- The Washington Times - Thursday, January 5, 2006

Several local officials — facing overcrowding problems in their respective jurisdictions — support the recent suspension of a ban on extended family members living under one roof in Manassas but said localities still must find a way to deter illegal aliens and others from cramming into single-family homes.

“Overcrowding is a problem in a number of our neighborhoods and we have to find some way to address that problem [but] I don’t believe the government can tell families which relatives can live with them,” said Gerald E. Connolly, a Democrat who is chairman of the Fairfax County Board of Supervisors.

“Manassas made an earnest effort to come up with some sort of enforcement mechanism to limit overcrowding,” said Sean T. Connaughton, a Republican who is at-large chairman of the Prince William Board of County Supervisors. “We’re facing the same types of challenges in the county [because] the problem has arisen very quickly. … For all of us in local government this has been a very difficult issue to get our arms around.”

Their comments come after Manassas officials decided to suspend — and possibly repeal — a zoning ordinance that states a household may consist of only immediate relatives plus an unrelated person, and that extended relatives, including aunts, uncles and cousins, do not factor into the “family” equation.

Adopted last month, the ordinance drew criticism from civil rights and fair housing groups who called the city’s definition of “family” an unconstitutional government probe into the personal matters of families.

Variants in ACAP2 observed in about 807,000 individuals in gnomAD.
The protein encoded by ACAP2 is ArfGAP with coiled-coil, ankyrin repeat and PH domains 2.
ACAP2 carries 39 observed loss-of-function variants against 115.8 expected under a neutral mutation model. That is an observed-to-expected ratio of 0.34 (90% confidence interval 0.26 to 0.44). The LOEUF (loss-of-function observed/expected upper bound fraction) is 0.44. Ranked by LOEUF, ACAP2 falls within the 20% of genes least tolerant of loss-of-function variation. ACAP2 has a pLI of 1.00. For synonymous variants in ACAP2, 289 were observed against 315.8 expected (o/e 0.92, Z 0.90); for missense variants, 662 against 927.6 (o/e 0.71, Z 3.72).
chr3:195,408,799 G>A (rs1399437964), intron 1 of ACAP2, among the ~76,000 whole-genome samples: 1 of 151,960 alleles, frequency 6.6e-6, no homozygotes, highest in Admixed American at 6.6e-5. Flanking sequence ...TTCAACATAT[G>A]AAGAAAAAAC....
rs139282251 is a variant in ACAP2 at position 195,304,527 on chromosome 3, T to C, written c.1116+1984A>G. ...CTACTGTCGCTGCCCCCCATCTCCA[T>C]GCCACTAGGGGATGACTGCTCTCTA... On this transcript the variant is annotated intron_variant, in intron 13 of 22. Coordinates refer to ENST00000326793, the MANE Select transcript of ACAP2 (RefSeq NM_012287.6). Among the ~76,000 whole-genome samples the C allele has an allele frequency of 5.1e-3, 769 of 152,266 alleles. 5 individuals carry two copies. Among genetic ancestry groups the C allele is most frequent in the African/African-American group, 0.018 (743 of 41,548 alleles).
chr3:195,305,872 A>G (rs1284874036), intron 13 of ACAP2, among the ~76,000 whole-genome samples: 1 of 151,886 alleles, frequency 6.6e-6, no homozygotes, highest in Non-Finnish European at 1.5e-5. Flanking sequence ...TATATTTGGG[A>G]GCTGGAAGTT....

Manassas officials on Wednesday recanted their position after the American Civil Liberties Union of Virginia threatened to suethe city, saying the ordinance targeted Hispanic immigrants who residents and lawmakers blame for overcrowding in neighborhoods throughout Northern Virginia.

Yesterday, Manassas City Manager Lawrence D. Hughes said the city is determined to create a neighborhood maintenance program that is sensitive to everyone.

“We know that communities across the region and the country are struggling with how to respond to real and complex issues resulting from growing residential overcrowding,” Mr. Hughes said in a written statement. “Communities are doing so without yet having clear and effective guidance from the courts or federal or state policy on dealing with this issue.”

Mr. Hughes told The Washington Times yesterday that Manassas had received about 400 overcrowding complaints since it created a task force to review the problem 18 months ago.

Last year, Fairfax County recorded more than 600 complaints regarding overcrowding, officials said. The county had about 360 such complaints in 2002, officials said.

Kent Willis, executive director of the ACLU of Virginia, said he doesn’t think that approving the ordinance was a legitimate attempt to fight overcrowding in Manassas. “What it amounts to is an outright attack on Manassas’ growing Latino population,” he said.

Virginia Gov.-elect Timothy M. Kaine, a Democrat, said he doesn’t want to interfere at the local level but noted the attempt by Manassas officials to redefine family might be unconstitutional.

Prince William County SupervisorJohn T. Stirrup Jr., Gainesville District Republican, disagreed with the council’s definition of family, but said he doesn’t think officials should have backed off.

“I’m not sure if public policy needs to be driven by who might sue you or who might not. You need to rise above that to do what’s right for your constituency,” he said.

The Manassas City Council is expected to discuss the ordinance at its meeting Monday night.

This article is based in part on wire service reports.

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